Are financial planning fees tax deductible?


Are financial planning fees tax deductible? Yes? No? Maybe?

When you visit your accountant to prepare the annual income tax return, the fee you pay to your accountant or tax agent is tax deductible. This is because the service covers assistance with your annual income earned and tax affairs you’ve had in place for the year.

But what about the fee you pay to a financial planner for the advice in relation to improvement of your overall financial set up and maximising all the benefits that you might not even be aware of that has been provided to you? Is that also tax deductible?

Financial planning in most cases has two main fee components of fees for advice:

1. Fee payable for the preparation of the Statement of Advice, which is the strategy paper that provides you with options of setting up your financial affairs going forward, and

2. Ongoing service fee – if you decide to proceed with the recommended strategy and you wish for the planner to ongoingly assist you with the process in placing the recommended strategy, as well as ongoing reviews and whatever is included in the ongoing service.

So is the fee you pay for the advice provided to you by a financial planner or adviser tax deductible for you? And which part? First charge paid for preparation of the plan. The second for the ongoing service? Both or none?

This appears to be a gray area and even today if you ask an accountant, you might get different answers from different specialists. So, our topic for today is: Are the fees you pay for the financial planning service tax deductible or not?

Advice and services provided by your accountant cover tax events and outcome of all the transactions made by you, or your business during the past year.

The advice of a financial planner (or at least my advice to my clients) includes:

  • Income tax planning, often many years into the future
  • Capital gains tax issues – often when selling major family assets such as investment properties or share portfolios.
  • Tax issues when selling the business when preparing for retirement.
  • Setting up investments for income purposes, therefore dealing with your assessable income and tax consequences year after year.
  • Organising your money for your retirement to build the most efficient and beneficial for you retirement income.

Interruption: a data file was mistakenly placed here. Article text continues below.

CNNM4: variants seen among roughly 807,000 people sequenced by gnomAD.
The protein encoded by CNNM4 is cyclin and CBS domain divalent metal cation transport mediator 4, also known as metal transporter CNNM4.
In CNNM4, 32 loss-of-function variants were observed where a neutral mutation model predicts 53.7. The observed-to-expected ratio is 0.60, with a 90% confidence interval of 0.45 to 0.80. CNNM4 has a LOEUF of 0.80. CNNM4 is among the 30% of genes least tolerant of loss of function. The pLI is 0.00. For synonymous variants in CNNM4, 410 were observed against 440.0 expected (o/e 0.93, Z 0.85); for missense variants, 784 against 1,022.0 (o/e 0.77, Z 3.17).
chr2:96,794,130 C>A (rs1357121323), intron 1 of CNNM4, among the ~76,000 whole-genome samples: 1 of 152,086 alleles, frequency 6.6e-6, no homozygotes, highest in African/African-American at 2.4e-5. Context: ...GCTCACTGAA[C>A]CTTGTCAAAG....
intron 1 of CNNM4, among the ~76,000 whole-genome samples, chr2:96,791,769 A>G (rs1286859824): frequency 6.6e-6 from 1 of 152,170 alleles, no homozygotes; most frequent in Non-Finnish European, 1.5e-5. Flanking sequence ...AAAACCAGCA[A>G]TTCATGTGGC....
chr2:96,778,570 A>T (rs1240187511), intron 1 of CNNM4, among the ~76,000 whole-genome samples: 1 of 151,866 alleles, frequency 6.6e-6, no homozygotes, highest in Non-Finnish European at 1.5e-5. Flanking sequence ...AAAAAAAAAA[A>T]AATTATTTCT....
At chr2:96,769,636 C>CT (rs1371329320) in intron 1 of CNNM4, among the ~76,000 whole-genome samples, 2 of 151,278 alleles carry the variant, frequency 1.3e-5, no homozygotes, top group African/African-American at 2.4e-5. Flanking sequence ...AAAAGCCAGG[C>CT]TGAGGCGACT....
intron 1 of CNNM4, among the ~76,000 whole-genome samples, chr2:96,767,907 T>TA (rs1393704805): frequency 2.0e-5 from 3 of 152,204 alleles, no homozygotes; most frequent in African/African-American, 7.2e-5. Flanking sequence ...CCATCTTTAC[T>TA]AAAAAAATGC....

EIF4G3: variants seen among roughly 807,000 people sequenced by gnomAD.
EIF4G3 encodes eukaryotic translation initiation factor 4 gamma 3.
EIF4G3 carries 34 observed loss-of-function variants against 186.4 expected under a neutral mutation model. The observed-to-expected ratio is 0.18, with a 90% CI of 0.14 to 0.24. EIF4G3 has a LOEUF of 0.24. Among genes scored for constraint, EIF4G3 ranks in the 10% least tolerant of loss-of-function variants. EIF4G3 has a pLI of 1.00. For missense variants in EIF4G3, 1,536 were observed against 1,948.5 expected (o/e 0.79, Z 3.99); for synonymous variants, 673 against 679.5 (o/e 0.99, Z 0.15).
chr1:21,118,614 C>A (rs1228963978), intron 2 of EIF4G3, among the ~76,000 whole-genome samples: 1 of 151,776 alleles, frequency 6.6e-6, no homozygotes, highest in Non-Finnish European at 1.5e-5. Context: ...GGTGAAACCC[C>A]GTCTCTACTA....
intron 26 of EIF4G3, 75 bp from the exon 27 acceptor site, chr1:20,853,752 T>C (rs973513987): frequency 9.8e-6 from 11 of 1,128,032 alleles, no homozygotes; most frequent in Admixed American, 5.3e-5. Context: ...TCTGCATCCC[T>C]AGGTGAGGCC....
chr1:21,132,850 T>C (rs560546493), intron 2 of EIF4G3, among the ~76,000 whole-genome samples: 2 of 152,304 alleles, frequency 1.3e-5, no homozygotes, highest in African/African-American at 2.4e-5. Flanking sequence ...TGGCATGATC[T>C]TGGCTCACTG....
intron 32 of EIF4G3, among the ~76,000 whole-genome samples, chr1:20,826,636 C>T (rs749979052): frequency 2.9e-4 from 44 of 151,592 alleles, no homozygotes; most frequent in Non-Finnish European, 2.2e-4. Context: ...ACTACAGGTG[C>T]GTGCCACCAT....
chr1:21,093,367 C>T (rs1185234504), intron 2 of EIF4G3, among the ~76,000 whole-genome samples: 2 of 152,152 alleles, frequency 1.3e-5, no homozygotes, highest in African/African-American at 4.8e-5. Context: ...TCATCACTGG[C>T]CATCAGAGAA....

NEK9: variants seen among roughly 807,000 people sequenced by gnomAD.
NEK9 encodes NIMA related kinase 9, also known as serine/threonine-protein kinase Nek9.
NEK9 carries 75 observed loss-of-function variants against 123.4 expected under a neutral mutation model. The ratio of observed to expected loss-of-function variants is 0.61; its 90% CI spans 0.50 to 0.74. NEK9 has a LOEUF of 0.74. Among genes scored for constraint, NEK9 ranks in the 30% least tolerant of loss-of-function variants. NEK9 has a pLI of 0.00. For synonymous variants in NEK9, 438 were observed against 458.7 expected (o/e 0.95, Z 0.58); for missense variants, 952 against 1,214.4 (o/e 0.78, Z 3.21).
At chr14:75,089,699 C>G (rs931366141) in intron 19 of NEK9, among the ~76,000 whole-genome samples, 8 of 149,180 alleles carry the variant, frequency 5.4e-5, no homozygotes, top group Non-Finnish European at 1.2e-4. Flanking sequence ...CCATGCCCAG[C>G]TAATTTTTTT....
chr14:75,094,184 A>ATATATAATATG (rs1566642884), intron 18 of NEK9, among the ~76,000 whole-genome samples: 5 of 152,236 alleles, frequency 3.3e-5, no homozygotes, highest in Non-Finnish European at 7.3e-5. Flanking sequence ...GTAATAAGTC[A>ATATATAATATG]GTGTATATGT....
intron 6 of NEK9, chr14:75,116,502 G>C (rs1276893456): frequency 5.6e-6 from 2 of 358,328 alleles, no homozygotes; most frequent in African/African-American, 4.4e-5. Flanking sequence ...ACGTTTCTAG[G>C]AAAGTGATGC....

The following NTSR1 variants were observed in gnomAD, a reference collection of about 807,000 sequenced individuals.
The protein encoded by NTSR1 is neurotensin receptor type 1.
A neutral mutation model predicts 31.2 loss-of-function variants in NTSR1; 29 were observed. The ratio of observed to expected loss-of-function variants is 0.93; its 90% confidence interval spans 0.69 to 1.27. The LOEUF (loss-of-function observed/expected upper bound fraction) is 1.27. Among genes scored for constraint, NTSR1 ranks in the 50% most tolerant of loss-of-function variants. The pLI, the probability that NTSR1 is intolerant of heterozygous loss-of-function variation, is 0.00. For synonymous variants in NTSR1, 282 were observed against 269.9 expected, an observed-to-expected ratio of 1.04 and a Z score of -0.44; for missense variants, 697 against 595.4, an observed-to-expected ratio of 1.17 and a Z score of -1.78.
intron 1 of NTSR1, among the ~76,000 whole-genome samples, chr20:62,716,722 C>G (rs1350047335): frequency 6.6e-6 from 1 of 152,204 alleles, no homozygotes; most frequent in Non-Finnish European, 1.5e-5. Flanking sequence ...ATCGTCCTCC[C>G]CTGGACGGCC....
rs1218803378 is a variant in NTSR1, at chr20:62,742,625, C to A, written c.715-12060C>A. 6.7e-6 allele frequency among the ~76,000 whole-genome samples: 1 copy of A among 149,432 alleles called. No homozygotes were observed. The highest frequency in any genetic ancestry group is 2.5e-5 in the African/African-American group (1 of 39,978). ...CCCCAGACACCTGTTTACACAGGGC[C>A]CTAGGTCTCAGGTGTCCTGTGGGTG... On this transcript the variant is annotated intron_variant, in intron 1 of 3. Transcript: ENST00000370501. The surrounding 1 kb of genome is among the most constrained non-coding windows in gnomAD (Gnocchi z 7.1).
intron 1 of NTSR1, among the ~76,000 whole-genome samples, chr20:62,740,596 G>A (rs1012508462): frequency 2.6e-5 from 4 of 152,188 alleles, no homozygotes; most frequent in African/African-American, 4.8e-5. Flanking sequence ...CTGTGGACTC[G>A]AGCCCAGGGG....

As you can see, today’s work of a financial planner includes lots of information and calculations around tax issues, and yet the fee payable for the service is generally NOT tax deductible for the client.

As a general rule, there is no tax-deduction available for the preparation of advice documents, and there is no allowance for the tax deduction for the ongoing service.

Sometimes however, there are exceptions.  If the advice includes the income producing assets and your planner breaks down advice costs to list on the invoice the amount of work dedicated to the issue of those income producing assets, then that portion could be tax-deductible, but as you can appreciate, this is lots of hard work. It should not be that difficult and the fee treatment should really get a uniformed treatment, and not be subject to interpretation of possible manipulation of figures.

When you are retired, that is really not a big drama, as in most cases I will set up client’s money in the way where no tax liability will ever arise during your retirement, therefore you are not required to ever do your tax return in retirement. This is a far better outcome, then trying to get tax deduction for any fees you have to pay, because it means you are still in the situation of actually having to pay tax. Who wants to pay tax in retirement, if there are legal ways not to have to deal with the income tax issues ever again in your life?